CitationMoieni, Mona; Muscatell, Keely A.; Jevtic, Ivana; Breen, Elizabeth C.; Irwin, Michael R.; & Eisenberger, Naomi I. (2019). Sex Differences in the Effect of Inflammation on Subjective Social Status: A Randomized Controlled Trial of Endotoxin in Healthy Young Adults. Frontiers in Psychology, 10, 2167. PMCID: PMC6781934
AbstractIt has been established that inflammation leads to a variety of changes in social experience, but one area of social experience that has been overlooked is subjective social status. Furthermore, given sex differences in the relationship between inflammation and social status, males may be more sensitive to inflammation-induced changes in social status. However, no previous studies in humans have examined this possibility. In the present study, healthy young participants (n = 115) were randomly assigned to receive either endotoxin, an experimental inflammatory challenge, or placebo. Participants reported their subjective social status at baseline (prior to injection), and approximately 2 h later (time of peak inflammatory response for the endotoxin group). Results, using ANCOVA analyses, indicated that males exposed to endotoxin, but not females, reported lower levels of subjective social status at the peak of inflammatory response (vs. placebo). These results suggest that males may be more sensitive to the effects of inflammation in certain social domains, such as perceived social status.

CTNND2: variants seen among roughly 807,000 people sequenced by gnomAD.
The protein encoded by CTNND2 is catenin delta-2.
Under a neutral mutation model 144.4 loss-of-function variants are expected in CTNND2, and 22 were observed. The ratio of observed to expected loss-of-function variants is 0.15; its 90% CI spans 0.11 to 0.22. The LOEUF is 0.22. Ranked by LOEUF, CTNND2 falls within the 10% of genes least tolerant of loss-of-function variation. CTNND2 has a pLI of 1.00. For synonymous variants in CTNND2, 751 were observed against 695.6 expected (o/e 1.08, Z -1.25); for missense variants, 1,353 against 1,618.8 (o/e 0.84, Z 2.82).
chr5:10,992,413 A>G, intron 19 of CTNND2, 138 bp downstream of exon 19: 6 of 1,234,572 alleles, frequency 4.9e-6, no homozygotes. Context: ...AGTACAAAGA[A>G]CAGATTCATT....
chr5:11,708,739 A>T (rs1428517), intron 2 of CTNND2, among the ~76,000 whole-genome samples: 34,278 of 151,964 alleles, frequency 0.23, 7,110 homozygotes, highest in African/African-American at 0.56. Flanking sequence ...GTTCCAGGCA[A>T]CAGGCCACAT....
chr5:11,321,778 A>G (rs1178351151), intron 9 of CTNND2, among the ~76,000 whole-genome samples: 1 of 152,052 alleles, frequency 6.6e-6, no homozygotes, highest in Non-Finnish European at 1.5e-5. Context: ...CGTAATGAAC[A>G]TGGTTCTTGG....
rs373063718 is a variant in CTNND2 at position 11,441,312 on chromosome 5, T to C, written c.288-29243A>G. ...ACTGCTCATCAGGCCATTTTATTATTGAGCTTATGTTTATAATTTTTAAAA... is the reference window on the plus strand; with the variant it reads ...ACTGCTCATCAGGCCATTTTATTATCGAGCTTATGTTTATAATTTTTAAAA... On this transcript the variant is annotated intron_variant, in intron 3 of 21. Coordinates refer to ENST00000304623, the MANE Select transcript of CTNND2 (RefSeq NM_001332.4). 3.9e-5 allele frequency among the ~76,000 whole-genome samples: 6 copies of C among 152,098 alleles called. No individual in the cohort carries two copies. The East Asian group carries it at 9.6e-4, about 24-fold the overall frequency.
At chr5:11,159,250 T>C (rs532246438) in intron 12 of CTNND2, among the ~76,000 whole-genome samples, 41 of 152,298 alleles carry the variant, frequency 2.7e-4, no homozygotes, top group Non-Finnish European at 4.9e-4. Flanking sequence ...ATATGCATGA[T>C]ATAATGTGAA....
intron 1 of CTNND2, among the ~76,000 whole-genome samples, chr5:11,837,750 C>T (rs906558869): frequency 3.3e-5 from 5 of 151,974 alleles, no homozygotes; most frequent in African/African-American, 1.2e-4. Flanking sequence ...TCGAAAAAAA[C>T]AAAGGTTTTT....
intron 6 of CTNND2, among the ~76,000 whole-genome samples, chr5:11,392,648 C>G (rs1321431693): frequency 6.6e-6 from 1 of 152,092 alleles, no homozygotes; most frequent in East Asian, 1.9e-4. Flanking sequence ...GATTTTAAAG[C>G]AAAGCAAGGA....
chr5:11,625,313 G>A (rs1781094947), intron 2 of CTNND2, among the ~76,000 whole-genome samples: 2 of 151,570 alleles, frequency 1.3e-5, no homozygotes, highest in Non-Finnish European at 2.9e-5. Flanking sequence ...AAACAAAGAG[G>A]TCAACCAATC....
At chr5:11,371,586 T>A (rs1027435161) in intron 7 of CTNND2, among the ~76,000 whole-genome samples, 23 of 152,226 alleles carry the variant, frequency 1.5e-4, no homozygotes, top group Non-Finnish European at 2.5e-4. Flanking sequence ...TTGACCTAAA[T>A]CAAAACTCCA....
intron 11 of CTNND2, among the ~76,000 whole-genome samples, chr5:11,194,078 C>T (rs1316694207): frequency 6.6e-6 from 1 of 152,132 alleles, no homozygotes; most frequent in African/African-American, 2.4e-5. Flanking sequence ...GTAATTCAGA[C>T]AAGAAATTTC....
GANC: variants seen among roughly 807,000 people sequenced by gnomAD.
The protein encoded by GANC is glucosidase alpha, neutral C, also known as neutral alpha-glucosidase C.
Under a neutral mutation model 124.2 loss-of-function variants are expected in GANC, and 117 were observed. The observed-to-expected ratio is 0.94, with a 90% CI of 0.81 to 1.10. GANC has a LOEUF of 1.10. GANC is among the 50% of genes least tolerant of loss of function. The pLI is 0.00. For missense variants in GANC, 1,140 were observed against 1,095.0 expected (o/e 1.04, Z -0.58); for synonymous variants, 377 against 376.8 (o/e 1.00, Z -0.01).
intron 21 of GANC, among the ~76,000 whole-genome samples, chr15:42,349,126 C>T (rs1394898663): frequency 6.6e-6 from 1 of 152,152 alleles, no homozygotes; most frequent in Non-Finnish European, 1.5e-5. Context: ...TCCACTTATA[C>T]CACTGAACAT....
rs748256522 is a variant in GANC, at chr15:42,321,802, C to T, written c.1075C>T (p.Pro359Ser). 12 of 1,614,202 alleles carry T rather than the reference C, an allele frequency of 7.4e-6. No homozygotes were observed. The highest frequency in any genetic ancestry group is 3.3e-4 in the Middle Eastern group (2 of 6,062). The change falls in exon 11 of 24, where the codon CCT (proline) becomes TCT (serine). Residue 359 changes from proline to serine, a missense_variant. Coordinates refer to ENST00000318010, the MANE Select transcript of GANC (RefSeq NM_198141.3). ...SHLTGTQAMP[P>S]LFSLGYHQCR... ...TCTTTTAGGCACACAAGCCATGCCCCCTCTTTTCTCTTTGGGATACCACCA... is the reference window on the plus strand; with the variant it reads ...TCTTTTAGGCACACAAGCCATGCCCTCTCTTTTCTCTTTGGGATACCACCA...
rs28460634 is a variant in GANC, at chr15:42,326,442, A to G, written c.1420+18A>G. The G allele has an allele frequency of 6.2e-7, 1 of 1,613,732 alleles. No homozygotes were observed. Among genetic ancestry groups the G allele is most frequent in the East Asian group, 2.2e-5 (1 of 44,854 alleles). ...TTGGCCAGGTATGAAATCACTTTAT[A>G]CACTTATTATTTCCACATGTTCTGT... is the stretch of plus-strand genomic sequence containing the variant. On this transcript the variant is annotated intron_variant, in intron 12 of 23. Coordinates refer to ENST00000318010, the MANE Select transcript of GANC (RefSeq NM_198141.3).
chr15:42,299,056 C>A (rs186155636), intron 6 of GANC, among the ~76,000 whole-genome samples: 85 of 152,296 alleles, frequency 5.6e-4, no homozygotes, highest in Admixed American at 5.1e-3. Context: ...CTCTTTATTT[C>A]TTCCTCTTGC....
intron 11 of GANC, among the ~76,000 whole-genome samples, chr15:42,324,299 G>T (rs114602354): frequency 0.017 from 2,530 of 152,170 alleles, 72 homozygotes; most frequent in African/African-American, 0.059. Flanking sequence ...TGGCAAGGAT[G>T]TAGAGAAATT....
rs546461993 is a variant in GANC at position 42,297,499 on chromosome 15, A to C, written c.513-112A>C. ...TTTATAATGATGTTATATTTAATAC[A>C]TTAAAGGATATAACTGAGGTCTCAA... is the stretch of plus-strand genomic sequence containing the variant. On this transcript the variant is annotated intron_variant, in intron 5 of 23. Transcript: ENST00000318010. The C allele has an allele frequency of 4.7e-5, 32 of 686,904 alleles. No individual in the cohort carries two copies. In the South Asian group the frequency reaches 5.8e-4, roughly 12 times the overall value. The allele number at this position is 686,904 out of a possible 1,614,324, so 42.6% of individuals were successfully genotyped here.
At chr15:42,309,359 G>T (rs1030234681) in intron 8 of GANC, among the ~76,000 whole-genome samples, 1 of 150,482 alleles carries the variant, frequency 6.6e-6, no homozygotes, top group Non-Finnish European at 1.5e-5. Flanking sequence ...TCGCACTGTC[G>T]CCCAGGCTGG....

Reference TypeJournal Article
Journal TitleFrontiers in Psychology
Muscatell, Keely A.
Breen, Elizabeth C.
Irwin, Michael R.
Eisenberger, Naomi I.